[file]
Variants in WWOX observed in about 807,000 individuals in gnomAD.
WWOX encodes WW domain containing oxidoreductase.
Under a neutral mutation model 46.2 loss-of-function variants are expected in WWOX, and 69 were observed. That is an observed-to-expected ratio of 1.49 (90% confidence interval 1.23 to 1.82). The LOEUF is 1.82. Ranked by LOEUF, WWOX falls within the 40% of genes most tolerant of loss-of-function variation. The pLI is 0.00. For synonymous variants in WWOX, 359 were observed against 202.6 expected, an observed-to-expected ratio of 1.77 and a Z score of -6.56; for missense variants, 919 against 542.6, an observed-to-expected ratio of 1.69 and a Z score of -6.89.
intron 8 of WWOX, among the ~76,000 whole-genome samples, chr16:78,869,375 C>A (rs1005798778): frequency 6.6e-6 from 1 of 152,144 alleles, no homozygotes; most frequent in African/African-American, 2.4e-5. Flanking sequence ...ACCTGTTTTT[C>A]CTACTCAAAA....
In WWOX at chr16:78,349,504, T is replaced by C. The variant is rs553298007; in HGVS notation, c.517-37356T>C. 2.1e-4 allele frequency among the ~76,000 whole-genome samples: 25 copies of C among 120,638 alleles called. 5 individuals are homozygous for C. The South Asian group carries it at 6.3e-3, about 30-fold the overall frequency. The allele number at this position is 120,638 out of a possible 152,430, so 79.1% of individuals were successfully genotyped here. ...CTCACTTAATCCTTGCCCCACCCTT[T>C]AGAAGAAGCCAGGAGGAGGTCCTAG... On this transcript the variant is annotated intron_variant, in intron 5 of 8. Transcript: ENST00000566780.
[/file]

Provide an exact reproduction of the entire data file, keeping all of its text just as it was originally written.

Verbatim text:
Variants in WWOX observed in about 807,000 individuals in gnomAD.
WWOX encodes WW domain containing oxidoreductase.
Under a neutral mutation model 46.2 loss-of-function variants are expected in WWOX, and 69 were observed. That is an observed-to-expected ratio of 1.49 (90% confidence interval 1.23 to 1.82). The LOEUF is 1.82. Ranked by LOEUF, WWOX falls within the 40% of genes most tolerant of loss-of-function variation. The pLI is 0.00. For synonymous variants in WWOX, 359 were observed against 202.6 expected, an observed-to-expected ratio of 1.77 and a Z score of -6.56; for missense variants, 919 against 542.6, an observed-to-expected ratio of 1.69 and a Z score of -6.89.
intron 8 of WWOX, among the ~76,000 whole-genome samples, chr16:78,869,375 C>A (rs1005798778): frequency 6.6e-6 from 1 of 152,144 alleles, no homozygotes; most frequent in African/African-American, 2.4e-5. Flanking sequence ...ACCTGTTTTT[C>A]CTACTCAAAA....
In WWOX at chr16:78,349,504, T is replaced by C. The variant is rs553298007; in HGVS notation, c.517-37356T>C. 2.1e-4 allele frequency among the ~76,000 whole-genome samples: 25 copies of C among 120,638 alleles called. 5 individuals are homozygous for C. The South Asian group carries it at 6.3e-3, about 30-fold the overall frequency. The allele number at this position is 120,638 out of a possible 152,430, so 79.1% of individuals were successfully genotyped here. ...CTCACTTAATCCTTGCCCCACCCTT[T>C]AGAAGAAGCCAGGAGGAGGTCCTAG... On this transcript the variant is annotated intron_variant, in intron 5 of 8. Transcript: ENST00000566780.